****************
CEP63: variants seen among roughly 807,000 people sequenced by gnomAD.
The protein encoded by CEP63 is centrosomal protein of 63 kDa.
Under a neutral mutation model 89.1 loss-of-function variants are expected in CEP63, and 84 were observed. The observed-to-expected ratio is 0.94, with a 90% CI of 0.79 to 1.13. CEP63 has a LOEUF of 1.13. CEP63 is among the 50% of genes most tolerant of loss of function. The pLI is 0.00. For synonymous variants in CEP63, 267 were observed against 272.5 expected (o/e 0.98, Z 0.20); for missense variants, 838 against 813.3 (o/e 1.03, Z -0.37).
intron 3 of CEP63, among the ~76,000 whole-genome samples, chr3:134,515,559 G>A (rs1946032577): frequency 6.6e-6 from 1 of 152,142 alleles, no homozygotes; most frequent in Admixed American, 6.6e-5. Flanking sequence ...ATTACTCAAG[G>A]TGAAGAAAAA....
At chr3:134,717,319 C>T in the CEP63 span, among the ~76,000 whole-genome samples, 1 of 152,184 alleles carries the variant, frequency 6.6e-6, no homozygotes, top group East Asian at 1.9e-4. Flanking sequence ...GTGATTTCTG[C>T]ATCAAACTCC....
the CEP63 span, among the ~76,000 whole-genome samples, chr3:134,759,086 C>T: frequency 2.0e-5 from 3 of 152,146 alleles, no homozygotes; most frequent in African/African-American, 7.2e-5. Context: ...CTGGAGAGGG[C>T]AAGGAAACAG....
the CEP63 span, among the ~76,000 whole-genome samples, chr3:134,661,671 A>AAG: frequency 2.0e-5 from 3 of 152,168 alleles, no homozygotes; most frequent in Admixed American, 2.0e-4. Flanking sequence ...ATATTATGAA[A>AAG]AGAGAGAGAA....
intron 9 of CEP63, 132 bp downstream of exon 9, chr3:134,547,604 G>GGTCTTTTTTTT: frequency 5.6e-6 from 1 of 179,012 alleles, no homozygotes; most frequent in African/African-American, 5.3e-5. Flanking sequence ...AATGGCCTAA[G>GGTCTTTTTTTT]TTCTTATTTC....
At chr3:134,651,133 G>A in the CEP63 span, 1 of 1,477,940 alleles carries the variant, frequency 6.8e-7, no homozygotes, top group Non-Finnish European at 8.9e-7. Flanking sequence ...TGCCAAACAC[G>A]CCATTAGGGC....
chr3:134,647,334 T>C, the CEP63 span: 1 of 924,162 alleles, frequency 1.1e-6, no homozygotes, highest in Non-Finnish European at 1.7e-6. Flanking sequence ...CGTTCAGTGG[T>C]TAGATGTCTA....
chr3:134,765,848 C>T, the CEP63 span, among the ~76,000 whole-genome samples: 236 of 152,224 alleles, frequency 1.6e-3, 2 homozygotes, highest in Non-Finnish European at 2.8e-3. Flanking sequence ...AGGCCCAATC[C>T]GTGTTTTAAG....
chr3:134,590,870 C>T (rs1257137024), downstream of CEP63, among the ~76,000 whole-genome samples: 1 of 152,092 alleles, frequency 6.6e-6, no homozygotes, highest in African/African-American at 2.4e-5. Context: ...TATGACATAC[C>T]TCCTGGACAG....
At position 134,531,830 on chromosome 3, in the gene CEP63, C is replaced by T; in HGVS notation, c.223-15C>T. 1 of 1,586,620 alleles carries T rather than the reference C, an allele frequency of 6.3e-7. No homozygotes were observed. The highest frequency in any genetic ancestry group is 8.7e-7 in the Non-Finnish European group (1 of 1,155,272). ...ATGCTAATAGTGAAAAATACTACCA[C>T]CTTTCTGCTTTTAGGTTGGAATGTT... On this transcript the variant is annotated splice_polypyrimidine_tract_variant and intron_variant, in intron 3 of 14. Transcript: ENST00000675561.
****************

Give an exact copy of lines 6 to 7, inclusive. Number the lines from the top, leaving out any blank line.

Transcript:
the CEP63 span, among the ~76,000 whole-genome samples, chr3:134,759,086 C>T: frequency 2.0e-5 from 3 of 152,146 alleles, no homozygotes; most frequent in African/African-American, 7.2e-5. Context: ...CTGGAGAGGG[C>T]AAGGAAACAG....
the CEP63 span, among the ~76,000 whole-genome samples, chr3:134,661,671 A>AAG: frequency 2.0e-5 from 3 of 152,168 alleles, no homozygotes; most frequent in Admixed American, 2.0e-4. Flanking sequence ...ATATTATGAA[A>AAG]AGAGAGAGAA....